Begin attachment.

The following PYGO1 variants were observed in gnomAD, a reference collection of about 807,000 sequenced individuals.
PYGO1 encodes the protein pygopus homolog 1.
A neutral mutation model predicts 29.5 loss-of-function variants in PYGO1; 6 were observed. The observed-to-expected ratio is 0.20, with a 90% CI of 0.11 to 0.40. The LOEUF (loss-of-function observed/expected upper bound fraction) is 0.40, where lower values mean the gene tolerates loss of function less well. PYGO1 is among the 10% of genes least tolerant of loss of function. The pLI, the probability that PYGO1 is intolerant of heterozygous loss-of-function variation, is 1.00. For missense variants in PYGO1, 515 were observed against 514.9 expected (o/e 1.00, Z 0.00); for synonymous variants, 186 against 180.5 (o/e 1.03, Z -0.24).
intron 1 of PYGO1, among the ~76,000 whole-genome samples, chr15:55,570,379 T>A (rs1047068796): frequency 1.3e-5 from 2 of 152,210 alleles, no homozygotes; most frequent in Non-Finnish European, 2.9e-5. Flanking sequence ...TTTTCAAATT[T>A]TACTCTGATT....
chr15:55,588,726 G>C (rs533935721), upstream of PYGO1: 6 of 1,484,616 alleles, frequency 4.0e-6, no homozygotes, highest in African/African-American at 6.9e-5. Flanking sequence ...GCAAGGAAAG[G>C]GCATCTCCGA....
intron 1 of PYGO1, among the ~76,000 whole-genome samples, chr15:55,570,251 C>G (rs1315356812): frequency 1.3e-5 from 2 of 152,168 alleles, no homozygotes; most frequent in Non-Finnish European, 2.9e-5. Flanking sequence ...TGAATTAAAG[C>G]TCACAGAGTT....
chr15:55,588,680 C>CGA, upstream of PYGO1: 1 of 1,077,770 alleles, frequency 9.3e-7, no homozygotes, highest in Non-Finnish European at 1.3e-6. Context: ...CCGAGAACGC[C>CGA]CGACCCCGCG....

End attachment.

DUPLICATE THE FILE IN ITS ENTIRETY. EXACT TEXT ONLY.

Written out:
The following PYGO1 variants were observed in gnomAD, a reference collection of about 807,000 sequenced individuals.
PYGO1 encodes the protein pygopus homolog 1.
A neutral mutation model predicts 29.5 loss-of-function variants in PYGO1; 6 were observed. The observed-to-expected ratio is 0.20, with a 90% CI of 0.11 to 0.40. The LOEUF (loss-of-function observed/expected upper bound fraction) is 0.40, where lower values mean the gene tolerates loss of function less well. PYGO1 is among the 10% of genes least tolerant of loss of function. The pLI, the probability that PYGO1 is intolerant of heterozygous loss-of-function variation, is 1.00. For missense variants in PYGO1, 515 were observed against 514.9 expected (o/e 1.00, Z 0.00); for synonymous variants, 186 against 180.5 (o/e 1.03, Z -0.24).
intron 1 of PYGO1, among the ~76,000 whole-genome samples, chr15:55,570,379 T>A (rs1047068796): frequency 1.3e-5 from 2 of 152,210 alleles, no homozygotes; most frequent in Non-Finnish European, 2.9e-5. Flanking sequence ...TTTTCAAATT[T>A]TACTCTGATT....
chr15:55,588,726 G>C (rs533935721), upstream of PYGO1: 6 of 1,484,616 alleles, frequency 4.0e-6, no homozygotes, highest in African/African-American at 6.9e-5. Flanking sequence ...GCAAGGAAAG[G>C]GCATCTCCGA....
intron 1 of PYGO1, among the ~76,000 whole-genome samples, chr15:55,570,251 C>G (rs1315356812): frequency 1.3e-5 from 2 of 152,168 alleles, no homozygotes; most frequent in Non-Finnish European, 2.9e-5. Flanking sequence ...TGAATTAAAG[C>G]TCACAGAGTT....
chr15:55,588,680 C>CGA, upstream of PYGO1: 1 of 1,077,770 alleles, frequency 9.3e-7, no homozygotes, highest in Non-Finnish European at 1.3e-6. Context: ...CCGAGAACGC[C>CGA]CGACCCCGCG....